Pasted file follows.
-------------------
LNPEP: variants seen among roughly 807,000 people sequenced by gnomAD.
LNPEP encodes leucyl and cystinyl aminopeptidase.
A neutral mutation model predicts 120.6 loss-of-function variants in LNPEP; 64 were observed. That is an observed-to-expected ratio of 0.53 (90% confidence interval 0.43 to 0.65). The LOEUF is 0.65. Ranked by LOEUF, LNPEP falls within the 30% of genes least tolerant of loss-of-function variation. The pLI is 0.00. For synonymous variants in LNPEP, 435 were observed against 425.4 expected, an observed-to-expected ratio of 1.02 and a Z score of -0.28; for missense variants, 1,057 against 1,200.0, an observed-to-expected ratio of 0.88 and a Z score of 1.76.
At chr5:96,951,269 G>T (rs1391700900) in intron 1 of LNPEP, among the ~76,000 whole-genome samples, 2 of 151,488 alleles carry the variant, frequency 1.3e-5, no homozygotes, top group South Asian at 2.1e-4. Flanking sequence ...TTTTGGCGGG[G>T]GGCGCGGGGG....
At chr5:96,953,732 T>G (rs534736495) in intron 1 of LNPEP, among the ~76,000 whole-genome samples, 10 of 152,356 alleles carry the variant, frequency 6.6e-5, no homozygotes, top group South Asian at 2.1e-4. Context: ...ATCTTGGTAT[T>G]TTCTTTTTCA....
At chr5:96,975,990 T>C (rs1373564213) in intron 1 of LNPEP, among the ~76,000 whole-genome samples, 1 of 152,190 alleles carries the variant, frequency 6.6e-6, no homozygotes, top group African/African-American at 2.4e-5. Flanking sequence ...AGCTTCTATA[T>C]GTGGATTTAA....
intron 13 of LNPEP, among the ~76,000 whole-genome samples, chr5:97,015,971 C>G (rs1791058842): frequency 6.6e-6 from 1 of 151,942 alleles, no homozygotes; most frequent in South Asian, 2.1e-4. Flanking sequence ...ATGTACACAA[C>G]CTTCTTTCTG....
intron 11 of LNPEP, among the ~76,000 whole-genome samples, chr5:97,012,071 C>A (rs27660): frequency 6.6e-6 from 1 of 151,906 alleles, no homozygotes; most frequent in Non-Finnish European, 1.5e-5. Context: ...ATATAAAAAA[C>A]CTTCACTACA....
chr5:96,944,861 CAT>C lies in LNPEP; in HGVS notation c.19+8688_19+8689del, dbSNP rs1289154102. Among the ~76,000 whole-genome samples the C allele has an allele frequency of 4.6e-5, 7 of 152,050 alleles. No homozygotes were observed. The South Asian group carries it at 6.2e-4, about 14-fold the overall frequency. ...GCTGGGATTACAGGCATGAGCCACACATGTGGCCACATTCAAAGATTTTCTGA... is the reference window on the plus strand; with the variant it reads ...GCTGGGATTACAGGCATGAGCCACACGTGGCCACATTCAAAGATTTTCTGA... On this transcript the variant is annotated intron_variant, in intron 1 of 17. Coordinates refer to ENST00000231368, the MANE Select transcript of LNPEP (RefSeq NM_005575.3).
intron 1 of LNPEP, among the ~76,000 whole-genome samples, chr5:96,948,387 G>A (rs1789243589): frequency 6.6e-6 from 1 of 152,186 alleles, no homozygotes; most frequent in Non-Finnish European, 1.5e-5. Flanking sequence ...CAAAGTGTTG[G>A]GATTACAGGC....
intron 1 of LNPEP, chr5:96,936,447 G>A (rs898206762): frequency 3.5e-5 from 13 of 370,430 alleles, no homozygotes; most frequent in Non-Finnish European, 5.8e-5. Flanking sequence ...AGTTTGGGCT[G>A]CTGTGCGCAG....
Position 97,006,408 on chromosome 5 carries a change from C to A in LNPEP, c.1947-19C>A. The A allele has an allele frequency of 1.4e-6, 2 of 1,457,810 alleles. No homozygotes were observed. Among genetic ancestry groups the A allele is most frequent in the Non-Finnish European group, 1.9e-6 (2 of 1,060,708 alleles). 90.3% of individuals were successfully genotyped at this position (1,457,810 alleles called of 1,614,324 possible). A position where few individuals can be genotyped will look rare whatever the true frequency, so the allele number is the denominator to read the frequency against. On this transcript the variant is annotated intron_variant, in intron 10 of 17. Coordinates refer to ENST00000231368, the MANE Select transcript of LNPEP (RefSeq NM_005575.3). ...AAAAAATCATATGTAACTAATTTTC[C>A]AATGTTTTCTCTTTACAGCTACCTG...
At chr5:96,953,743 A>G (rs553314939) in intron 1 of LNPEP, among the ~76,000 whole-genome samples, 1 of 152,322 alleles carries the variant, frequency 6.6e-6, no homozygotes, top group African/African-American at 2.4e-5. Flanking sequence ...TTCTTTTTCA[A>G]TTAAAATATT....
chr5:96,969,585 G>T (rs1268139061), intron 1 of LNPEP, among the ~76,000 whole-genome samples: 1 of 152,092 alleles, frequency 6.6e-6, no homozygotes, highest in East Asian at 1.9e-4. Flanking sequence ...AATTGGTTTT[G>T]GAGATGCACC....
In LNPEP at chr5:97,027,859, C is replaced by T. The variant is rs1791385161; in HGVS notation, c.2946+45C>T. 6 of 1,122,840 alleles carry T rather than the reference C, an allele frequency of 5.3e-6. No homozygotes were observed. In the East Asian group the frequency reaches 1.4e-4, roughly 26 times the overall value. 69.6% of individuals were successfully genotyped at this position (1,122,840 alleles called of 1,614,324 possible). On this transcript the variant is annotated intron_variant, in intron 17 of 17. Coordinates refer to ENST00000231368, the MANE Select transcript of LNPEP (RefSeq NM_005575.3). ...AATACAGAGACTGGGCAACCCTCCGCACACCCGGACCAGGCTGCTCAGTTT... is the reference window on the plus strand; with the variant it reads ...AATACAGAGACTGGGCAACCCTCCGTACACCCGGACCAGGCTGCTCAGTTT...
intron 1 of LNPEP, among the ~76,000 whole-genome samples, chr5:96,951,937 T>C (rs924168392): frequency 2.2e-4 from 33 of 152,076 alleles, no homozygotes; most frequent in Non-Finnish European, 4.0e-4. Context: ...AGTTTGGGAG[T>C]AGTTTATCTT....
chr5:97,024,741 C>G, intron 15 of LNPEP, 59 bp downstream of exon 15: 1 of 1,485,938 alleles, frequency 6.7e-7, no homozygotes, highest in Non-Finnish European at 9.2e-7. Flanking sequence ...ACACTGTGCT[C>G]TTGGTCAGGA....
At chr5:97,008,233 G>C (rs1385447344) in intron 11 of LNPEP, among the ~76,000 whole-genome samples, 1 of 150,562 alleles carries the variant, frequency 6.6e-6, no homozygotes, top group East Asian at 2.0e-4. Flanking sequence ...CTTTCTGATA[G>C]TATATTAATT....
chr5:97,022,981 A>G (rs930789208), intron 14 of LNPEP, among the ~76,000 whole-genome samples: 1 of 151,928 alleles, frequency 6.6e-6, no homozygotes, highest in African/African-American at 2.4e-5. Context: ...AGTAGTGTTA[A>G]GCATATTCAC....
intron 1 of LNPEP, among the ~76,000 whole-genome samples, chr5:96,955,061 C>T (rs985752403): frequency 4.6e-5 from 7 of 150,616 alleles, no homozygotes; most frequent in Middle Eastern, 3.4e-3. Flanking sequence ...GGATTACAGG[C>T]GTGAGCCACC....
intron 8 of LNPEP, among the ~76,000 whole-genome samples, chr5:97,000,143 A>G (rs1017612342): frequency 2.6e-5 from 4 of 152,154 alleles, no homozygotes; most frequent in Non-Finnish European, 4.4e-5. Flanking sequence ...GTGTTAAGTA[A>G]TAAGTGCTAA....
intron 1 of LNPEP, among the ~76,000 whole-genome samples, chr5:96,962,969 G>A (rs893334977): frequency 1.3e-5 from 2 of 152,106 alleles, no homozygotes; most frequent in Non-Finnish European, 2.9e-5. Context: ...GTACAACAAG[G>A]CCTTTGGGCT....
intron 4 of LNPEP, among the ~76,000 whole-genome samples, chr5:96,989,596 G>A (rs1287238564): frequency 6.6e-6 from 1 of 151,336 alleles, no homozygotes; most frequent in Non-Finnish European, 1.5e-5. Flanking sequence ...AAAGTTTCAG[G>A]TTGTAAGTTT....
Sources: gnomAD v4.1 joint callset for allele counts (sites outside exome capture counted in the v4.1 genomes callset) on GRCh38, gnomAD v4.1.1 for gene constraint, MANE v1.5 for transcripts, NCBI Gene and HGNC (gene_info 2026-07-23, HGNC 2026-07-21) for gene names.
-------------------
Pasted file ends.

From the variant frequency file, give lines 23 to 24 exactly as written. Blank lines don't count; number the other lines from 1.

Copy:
intron 4 of LNPEP, among the ~76,000 whole-genome samples, chr5:96,989,596 G>A (rs1287238564): frequency 6.6e-6 from 1 of 151,336 alleles, no homozygotes; most frequent in Non-Finnish European, 1.5e-5. Flanking sequence ...AAAGTTTCAG[G>A]TTGTAAGTTT....
Sources: gnomAD v4.1 joint callset for allele counts (sites outside exome capture counted in the v4.1 genomes callset) on GRCh38, gnomAD v4.1.1 for gene constraint, MANE v1.5 for transcripts, NCBI Gene and HGNC (gene_info 2026-07-23, HGNC 2026-07-21) for gene names.